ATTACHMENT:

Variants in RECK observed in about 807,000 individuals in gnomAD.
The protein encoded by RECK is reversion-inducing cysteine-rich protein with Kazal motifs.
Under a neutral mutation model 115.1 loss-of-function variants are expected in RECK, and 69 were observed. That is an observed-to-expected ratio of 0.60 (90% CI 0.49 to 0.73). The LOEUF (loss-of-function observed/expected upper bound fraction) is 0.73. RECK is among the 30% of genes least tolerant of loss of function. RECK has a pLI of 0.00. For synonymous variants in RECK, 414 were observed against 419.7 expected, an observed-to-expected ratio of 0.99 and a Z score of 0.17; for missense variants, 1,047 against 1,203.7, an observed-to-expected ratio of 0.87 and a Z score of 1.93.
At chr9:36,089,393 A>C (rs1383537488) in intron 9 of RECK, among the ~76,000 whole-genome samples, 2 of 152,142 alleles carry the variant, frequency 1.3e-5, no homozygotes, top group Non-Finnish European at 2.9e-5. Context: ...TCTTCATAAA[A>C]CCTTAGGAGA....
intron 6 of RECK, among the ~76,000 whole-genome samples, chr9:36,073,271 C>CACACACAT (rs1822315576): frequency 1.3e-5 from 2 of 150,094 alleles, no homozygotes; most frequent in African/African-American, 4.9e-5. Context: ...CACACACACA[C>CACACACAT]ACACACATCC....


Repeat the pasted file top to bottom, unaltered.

Variants in RECK observed in about 807,000 individuals in gnomAD.
The protein encoded by RECK is reversion-inducing cysteine-rich protein with Kazal motifs.
Under a neutral mutation model 115.1 loss-of-function variants are expected in RECK, and 69 were observed. That is an observed-to-expected ratio of 0.60 (90% CI 0.49 to 0.73). The LOEUF (loss-of-function observed/expected upper bound fraction) is 0.73. RECK is among the 30% of genes least tolerant of loss of function. RECK has a pLI of 0.00. For synonymous variants in RECK, 414 were observed against 419.7 expected, an observed-to-expected ratio of 0.99 and a Z score of 0.17; for missense variants, 1,047 against 1,203.7, an observed-to-expected ratio of 0.87 and a Z score of 1.93.
At chr9:36,089,393 A>C (rs1383537488) in intron 9 of RECK, among the ~76,000 whole-genome samples, 2 of 152,142 alleles carry the variant, frequency 1.3e-5, no homozygotes, top group Non-Finnish European at 2.9e-5. Context: ...TCTTCATAAA[A>C]CCTTAGGAGA....
intron 6 of RECK, among the ~76,000 whole-genome samples, chr9:36,073,271 C>CACACACAT (rs1822315576): frequency 1.3e-5 from 2 of 150,094 alleles, no homozygotes; most frequent in African/African-American, 4.9e-5. Context: ...CACACACACA[C>CACACACAT]ACACACATCC....